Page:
It arrived in London, carefully packed in white tissue paper, in a clear plastic carrier bag, without its frame—a small fruitwood panel of 11.4 by 9.1 inches. Jill Dunkerton, who unwrapped it in the conservation department, can still remember the moment vividly, since she had been told to expect not a Raphael but only a rather interesting painting. Yet when she placed the panel on a stand, under a good light, its quality was immediately obvious. Furthermore, when the work was examined with a vidicon machine, it was revealed to have a vigorous and beautiful underdrawing—not typical of all of Raphael’s underdrawings, but well comparable to some, such as that of the painting in Washington known as The Small Cowper Madonna.

Experts were brought in, and those who were not immediately convinced by the quality of the painting itself were soon converted by the sight of the underdrawing. Penny attributed it to Raphael and, in the ten years since its publication, this attribution seems never to have received any serious, scholarly challenge. This does not mean that there are no connoisseurs who deny the authenticity of the painting—there are indeed some. But the overwhelming consensus has been in favor of Penny’s attribution. And this degree of unanimity is hardly to be counted on in the world of the art historian. (That is one reason why the Getty Museum in Los Angeles purchased the picture from the duke for some $50 million.)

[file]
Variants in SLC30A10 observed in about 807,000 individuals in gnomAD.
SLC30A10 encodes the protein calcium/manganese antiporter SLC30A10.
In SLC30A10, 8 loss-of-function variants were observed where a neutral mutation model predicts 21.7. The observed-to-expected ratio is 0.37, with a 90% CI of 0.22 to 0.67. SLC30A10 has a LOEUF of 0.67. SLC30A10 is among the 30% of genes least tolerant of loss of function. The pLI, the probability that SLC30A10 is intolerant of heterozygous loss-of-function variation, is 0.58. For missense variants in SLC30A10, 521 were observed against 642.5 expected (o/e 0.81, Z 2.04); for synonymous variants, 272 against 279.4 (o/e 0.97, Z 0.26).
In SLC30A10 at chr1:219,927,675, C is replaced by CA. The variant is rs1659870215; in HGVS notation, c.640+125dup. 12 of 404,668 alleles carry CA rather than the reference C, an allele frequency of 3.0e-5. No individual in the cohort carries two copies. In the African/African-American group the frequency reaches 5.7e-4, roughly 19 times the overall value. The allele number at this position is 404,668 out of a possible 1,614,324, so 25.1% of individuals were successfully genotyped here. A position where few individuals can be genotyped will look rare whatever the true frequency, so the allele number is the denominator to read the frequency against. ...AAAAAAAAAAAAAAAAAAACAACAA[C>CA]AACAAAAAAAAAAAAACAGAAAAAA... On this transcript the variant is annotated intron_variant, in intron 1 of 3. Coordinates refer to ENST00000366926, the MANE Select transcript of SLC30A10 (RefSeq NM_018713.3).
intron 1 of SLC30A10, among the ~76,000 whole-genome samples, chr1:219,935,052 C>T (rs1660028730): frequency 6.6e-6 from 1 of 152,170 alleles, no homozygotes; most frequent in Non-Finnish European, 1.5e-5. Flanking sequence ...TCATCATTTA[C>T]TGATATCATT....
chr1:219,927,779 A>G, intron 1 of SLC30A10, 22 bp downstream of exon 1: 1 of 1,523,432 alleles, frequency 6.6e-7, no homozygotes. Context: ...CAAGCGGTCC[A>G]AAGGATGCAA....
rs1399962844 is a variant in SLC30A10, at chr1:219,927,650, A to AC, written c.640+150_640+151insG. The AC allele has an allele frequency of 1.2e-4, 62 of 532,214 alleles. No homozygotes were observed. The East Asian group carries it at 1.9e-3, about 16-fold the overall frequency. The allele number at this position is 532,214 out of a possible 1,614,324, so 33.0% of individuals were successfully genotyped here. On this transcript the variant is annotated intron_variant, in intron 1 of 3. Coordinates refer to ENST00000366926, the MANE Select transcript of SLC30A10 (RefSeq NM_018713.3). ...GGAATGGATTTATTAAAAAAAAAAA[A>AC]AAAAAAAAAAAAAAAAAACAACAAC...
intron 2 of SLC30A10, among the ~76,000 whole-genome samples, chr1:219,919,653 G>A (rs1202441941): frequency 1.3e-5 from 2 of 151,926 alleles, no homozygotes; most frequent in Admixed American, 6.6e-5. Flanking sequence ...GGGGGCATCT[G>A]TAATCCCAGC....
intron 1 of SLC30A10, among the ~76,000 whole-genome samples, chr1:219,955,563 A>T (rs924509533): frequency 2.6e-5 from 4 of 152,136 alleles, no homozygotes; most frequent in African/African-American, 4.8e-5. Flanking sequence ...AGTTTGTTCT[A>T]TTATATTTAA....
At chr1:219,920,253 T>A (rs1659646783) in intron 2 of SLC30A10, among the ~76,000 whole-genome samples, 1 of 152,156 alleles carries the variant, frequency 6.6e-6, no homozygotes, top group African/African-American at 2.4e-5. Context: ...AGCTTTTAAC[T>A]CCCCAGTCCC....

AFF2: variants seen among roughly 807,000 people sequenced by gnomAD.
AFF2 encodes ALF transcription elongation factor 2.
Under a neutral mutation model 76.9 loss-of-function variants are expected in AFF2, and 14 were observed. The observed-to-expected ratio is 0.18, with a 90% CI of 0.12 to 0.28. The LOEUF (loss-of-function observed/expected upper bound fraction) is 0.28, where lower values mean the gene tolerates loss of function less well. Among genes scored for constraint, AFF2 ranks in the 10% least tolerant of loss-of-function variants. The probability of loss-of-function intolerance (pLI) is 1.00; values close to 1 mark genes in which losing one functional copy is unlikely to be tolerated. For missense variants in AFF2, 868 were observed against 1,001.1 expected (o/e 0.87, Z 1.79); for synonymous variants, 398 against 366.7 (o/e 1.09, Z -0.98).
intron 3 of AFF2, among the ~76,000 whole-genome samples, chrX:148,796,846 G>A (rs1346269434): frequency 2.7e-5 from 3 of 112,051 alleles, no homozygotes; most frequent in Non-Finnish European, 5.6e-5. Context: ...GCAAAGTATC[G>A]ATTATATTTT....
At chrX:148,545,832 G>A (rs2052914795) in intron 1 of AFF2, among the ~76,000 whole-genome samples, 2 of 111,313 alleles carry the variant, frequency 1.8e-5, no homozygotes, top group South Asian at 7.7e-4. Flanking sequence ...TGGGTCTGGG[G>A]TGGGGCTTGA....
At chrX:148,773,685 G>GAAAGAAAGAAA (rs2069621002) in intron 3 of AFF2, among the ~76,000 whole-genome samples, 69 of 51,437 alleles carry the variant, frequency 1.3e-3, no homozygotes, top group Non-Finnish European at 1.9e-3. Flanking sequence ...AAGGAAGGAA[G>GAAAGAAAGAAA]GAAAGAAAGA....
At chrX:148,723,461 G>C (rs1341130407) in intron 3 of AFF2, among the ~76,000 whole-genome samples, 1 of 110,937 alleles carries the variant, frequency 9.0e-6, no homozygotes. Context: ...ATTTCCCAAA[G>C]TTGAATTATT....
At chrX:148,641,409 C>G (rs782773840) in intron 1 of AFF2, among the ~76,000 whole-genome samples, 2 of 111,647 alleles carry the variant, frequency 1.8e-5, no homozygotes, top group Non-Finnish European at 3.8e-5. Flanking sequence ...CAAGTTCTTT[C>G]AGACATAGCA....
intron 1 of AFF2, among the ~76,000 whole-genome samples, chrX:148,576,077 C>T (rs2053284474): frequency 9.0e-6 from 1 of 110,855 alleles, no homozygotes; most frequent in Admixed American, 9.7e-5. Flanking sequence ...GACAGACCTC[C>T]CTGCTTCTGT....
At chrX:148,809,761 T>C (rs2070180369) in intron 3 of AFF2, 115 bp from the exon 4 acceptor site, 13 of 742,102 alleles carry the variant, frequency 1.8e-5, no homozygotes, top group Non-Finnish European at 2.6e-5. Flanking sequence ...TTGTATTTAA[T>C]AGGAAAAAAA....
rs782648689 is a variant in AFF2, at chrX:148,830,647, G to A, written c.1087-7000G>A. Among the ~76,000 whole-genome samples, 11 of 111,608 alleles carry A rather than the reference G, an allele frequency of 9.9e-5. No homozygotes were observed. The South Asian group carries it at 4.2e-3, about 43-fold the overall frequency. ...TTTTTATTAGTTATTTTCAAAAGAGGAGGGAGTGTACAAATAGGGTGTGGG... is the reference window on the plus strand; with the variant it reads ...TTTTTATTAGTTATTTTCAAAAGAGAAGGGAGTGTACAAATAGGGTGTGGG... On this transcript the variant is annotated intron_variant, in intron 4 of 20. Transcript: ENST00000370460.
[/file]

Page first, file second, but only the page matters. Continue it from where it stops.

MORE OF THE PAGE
At the very least, Penny’s original surmise proved correct: the painting had, at the time the frame was made for it, been highly valued, for it had been bought as a Raphael, in Rome in 1853, as part of the Camuccini Collection. The purchaser was the fourth Duke of Northumberland, who spent 125,000 Roman scudi (£27,589 8s 6d) on what was the last great bulk purchase for export of Italian paintings: seventy-four of them, including Bellini’s Feast of the Gods (now in Washington). The Raphael was valued at £2,500, the most expensive item in the collection. And it was described by Gustav Waagen in 1854 with notable enthusiasm: “Of all the numerous specimens of the picture I have seen, none appear to me so well entitled to be attributed to [Raphael’s] hand as this.”3 Yet within six years it had been declared a copy.

What causes a painting to fall from favor, as this one did so soon after its arrival in Alnwick? What causes these relegations to lower leagues, these sudden and capricious disparagements? Chance must play a large part in it, as it seems to have done in this case. I recently spent a weekend in the company of some of the leading Raphael scholars, who were discussing the early work of the master. What struck me on several occasions was their readiness to go back to early sources—not just the earliest sources but also nineteenth-century historians and critics—to go back to them, to be sure, for their errors, but to go back to them also for their insights.

It is not the case (or it does not seem to be) that art history makes a definite, irreversible progress uniformly on all fronts. An observation made in 1840, disprized in 1870, and neglected ever since may turn out to suggest the solution to a problem. The great scholars from before the age of photography, who traveled around the European collections with nothing more than their notebooks and their memories to help them in their comparisons, may have been better trained in the art of observation than the modern student with a photo archive at his fingertips. They worked, after all, mainly by examining original works of art.